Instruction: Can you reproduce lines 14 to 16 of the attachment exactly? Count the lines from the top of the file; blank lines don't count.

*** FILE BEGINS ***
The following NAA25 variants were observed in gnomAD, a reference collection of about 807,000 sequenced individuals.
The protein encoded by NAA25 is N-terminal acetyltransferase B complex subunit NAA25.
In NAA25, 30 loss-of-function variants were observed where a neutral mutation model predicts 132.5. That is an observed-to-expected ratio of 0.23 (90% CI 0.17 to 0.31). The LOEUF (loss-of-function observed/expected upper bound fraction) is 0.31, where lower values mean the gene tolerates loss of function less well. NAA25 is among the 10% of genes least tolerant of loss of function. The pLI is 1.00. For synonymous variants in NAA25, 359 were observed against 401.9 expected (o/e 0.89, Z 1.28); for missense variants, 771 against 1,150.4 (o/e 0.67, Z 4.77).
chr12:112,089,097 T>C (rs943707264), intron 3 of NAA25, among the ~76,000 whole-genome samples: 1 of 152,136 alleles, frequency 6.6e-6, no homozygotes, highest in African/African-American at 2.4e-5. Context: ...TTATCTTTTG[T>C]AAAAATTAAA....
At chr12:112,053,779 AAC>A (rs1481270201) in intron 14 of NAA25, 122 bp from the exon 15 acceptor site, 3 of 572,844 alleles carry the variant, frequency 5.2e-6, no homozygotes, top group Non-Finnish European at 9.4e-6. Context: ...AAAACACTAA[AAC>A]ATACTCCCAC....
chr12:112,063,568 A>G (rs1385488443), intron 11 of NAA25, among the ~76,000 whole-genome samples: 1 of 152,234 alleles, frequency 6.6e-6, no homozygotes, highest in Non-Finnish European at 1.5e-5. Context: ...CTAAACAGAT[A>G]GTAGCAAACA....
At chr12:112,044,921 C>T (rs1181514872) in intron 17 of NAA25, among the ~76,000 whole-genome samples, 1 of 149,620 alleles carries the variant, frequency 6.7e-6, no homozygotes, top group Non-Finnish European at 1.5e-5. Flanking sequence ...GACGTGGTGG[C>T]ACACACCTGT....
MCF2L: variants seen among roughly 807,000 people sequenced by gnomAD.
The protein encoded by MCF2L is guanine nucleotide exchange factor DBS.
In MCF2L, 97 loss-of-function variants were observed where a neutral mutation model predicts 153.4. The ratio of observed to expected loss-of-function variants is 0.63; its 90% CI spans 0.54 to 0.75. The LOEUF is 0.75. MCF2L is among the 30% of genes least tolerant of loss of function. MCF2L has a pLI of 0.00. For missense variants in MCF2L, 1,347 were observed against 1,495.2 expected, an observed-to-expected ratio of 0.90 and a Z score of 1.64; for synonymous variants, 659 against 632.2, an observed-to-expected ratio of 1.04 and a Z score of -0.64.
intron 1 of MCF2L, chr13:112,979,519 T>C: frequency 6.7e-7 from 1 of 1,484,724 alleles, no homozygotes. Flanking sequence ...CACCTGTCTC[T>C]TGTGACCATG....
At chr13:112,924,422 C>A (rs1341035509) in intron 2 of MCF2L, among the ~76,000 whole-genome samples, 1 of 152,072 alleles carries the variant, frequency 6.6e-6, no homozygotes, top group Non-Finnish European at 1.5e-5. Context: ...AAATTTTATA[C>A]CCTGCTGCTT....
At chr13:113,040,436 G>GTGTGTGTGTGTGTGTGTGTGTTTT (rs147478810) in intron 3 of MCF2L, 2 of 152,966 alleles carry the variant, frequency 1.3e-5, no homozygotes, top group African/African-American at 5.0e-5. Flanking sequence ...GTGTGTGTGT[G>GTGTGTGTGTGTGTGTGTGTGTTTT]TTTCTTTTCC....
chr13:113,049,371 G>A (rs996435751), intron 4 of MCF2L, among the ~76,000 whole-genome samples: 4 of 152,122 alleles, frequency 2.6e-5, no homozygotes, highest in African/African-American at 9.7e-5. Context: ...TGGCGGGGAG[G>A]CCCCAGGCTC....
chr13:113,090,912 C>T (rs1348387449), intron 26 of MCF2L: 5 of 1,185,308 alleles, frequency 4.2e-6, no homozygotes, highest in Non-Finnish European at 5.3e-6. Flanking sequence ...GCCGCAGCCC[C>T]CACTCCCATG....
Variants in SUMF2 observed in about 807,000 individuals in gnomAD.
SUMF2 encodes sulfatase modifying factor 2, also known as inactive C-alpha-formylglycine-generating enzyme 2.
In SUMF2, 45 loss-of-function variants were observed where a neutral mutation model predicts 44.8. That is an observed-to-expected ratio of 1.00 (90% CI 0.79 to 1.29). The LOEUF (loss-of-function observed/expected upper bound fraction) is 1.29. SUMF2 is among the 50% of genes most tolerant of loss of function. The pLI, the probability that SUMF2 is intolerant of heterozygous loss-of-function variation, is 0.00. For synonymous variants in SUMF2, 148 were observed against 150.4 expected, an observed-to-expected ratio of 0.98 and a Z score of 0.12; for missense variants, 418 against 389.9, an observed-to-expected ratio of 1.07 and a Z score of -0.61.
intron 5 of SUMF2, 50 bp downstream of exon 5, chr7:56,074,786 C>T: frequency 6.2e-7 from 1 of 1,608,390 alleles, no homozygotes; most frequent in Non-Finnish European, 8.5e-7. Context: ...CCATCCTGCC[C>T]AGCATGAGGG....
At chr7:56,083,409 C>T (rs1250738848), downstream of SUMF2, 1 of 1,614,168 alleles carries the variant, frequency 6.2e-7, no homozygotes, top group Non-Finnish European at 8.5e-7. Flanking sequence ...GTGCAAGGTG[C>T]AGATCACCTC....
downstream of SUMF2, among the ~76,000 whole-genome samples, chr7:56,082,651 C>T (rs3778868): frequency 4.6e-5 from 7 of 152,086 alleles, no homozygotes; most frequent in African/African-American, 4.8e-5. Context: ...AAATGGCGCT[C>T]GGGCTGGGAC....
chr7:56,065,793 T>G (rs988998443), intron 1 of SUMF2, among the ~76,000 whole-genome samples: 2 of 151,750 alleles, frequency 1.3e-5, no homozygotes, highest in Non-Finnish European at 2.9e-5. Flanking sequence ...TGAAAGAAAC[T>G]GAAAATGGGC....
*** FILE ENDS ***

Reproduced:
chr13:113,049,371 G>A (rs996435751), intron 4 of MCF2L, among the ~76,000 whole-genome samples: 4 of 152,122 alleles, frequency 2.6e-5, no homozygotes, highest in African/African-American at 9.7e-5. Context: ...TGGCGGGGAG[G>A]CCCCAGGCTC....
chr13:113,090,912 C>T (rs1348387449), intron 26 of MCF2L: 5 of 1,185,308 alleles, frequency 4.2e-6, no homozygotes, highest in Non-Finnish European at 5.3e-6. Flanking sequence ...GCCGCAGCCC[C>T]CACTCCCATG....
Variants in SUMF2 observed in about 807,000 individuals in gnomAD.